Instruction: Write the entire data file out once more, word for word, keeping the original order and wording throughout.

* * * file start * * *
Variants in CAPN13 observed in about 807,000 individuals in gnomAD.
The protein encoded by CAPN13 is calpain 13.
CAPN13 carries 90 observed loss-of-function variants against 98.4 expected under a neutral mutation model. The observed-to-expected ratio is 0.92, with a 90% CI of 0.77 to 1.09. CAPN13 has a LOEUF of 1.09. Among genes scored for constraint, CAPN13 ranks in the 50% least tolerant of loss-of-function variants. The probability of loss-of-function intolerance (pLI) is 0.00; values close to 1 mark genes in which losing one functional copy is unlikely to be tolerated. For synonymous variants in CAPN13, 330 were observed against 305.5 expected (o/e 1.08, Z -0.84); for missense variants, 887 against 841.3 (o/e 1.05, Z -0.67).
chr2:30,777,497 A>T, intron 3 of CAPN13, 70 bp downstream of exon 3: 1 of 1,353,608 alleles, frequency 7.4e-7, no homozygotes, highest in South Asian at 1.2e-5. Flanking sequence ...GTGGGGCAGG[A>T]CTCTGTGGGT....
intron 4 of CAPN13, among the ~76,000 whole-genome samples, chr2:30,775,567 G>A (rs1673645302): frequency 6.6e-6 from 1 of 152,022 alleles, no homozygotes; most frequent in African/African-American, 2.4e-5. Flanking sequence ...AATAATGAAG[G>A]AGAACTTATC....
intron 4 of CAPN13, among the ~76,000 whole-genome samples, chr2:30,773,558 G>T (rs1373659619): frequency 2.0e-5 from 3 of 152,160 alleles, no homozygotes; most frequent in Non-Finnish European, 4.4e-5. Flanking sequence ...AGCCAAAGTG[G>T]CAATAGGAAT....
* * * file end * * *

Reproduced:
Variants in CAPN13 observed in about 807,000 individuals in gnomAD.
The protein encoded by CAPN13 is calpain 13.
CAPN13 carries 90 observed loss-of-function variants against 98.4 expected under a neutral mutation model. The observed-to-expected ratio is 0.92, with a 90% CI of 0.77 to 1.09. CAPN13 has a LOEUF of 1.09. Among genes scored for constraint, CAPN13 ranks in the 50% least tolerant of loss-of-function variants. The probability of loss-of-function intolerance (pLI) is 0.00; values close to 1 mark genes in which losing one functional copy is unlikely to be tolerated. For synonymous variants in CAPN13, 330 were observed against 305.5 expected (o/e 1.08, Z -0.84); for missense variants, 887 against 841.3 (o/e 1.05, Z -0.67).
chr2:30,777,497 A>T, intron 3 of CAPN13, 70 bp downstream of exon 3: 1 of 1,353,608 alleles, frequency 7.4e-7, no homozygotes, highest in South Asian at 1.2e-5. Flanking sequence ...GTGGGGCAGG[A>T]CTCTGTGGGT....
intron 4 of CAPN13, among the ~76,000 whole-genome samples, chr2:30,775,567 G>A (rs1673645302): frequency 6.6e-6 from 1 of 152,022 alleles, no homozygotes; most frequent in African/African-American, 2.4e-5. Flanking sequence ...AATAATGAAG[G>A]AGAACTTATC....
intron 4 of CAPN13, among the ~76,000 whole-genome samples, chr2:30,773,558 G>T (rs1373659619): frequency 2.0e-5 from 3 of 152,160 alleles, no homozygotes; most frequent in Non-Finnish European, 4.4e-5. Flanking sequence ...AGCCAAAGTG[G>T]CAATAGGAAT....